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Above article copyright Ken Fenner and PressurePros, Inc
Ken great post:thumbsup:

their is one thing I thought should be brought up, I think the term is
called "diminshing marginal rate of return" not sure about the term but it sounds good lol, but basicly their is a point whear , whear you can keep throwing 10,000 at advertising, and you will see a lot less work in return, then the normal rate of return of 100,000 that your used to seeing. Just thought that was worth a thought.

thanks
dave mac
 

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Ken, I'm a Jonny-come-lately, but I appreciate the post(s). It's what this site was meant for. Keep it coming.

As to the diminishing rate of return, good point. This is something that tracking addresses in marketing campaigns, as the market changes and folks move, etc. Keeping a solid eye on ROI should minimize that. Good point, Dave mac.

BTW: I moved from NC to ID recently (so we're no longer in the same market, Dave.)
 

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some further points

Ken,

Bearing in mind that you will want to include your increased salary and advertising in your annual costs, they have just increased by about 22%
 

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Correction

Ken,

Sorry, I overstated the increase in costs. However, the message is basically the same. You must now factor in higher costs into your quotes.
We tend to leave out overheads when making our initial calculations as these will sometimes price us out of a job (when things are really tight). By doing this we can cover our prime cost and be contributing to the overhead burden which is there irrespective of whether we get the business or not.
We can only do this for a while of course otherwise we'd go bust, but it has its uses at times.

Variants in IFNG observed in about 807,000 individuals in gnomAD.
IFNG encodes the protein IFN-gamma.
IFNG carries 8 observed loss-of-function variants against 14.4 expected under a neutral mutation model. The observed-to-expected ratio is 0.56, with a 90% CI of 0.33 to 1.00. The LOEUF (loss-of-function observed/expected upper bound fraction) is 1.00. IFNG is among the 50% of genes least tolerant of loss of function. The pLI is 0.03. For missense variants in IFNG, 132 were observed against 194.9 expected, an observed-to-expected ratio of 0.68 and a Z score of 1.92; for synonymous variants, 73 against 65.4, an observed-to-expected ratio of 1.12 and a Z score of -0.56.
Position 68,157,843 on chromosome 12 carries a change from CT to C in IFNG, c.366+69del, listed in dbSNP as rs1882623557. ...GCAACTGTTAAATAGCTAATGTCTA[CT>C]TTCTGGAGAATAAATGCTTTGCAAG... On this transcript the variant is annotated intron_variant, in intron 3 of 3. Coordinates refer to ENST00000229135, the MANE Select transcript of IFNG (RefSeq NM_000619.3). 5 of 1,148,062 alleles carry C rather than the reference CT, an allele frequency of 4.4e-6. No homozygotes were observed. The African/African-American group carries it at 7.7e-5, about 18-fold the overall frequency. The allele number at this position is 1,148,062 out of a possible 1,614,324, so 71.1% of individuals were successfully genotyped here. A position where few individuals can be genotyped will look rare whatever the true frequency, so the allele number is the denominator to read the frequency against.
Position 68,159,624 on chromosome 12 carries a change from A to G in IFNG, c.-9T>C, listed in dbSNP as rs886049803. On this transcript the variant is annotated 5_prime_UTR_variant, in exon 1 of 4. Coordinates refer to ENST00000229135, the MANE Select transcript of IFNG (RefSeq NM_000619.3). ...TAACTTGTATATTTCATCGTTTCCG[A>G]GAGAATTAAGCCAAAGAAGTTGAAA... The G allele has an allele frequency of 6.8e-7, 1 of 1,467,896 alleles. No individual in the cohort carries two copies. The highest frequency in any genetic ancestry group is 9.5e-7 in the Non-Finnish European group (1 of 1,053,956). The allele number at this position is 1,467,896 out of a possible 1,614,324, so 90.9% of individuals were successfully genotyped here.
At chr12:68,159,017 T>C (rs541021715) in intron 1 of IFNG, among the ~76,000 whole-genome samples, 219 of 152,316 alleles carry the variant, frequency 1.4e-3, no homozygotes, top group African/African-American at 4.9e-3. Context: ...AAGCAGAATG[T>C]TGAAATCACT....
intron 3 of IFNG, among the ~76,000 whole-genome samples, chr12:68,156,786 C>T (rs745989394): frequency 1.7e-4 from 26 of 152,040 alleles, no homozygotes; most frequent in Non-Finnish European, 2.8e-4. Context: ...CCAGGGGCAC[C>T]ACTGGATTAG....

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Discussion Starter · #18 ·
Ken,

Bearing in mind that you will want to include your increased salary and advertising in your annual costs, they have just increased by about 22%
Hi Patti. It depends upon what you do with the increase in net. (if I am understanding you correctly). This is "free money" so to speak. You can allocate it to salary (I would). I kept it simple to make sure the numbers analysis was clear. What I left out, and of course its important but is minimal, is the increase in cost of lead generation/advertising. Historically for me, raising prices 15% usually results in a loss of approximately 10% in closes. That doesn't bother me because the dollars, not customer count is what pays the bills. Its optimal to increase both but increasing your gross dollars while increasing your customer count is no small feat. It definitely requires expanding your advertising budget.

Business analysis is like a puzzle. If you miss certain pieces, the picture is not complete. Its difficult to put things into writing without it turning into a confusing flowchart of numbers that all start blending together.
 

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The costs matter at the margin

Hello Ken,

I take on board what your saying about advertising and business generation. if you can get that sort of response it would certainly justify the increase in your overheads. However, I'm pretty sure that would not be the case for a lot of businesses, imparticularly those that rely on their reputation to gain competitive advantage. Advertising can easily produce a scattergun effect.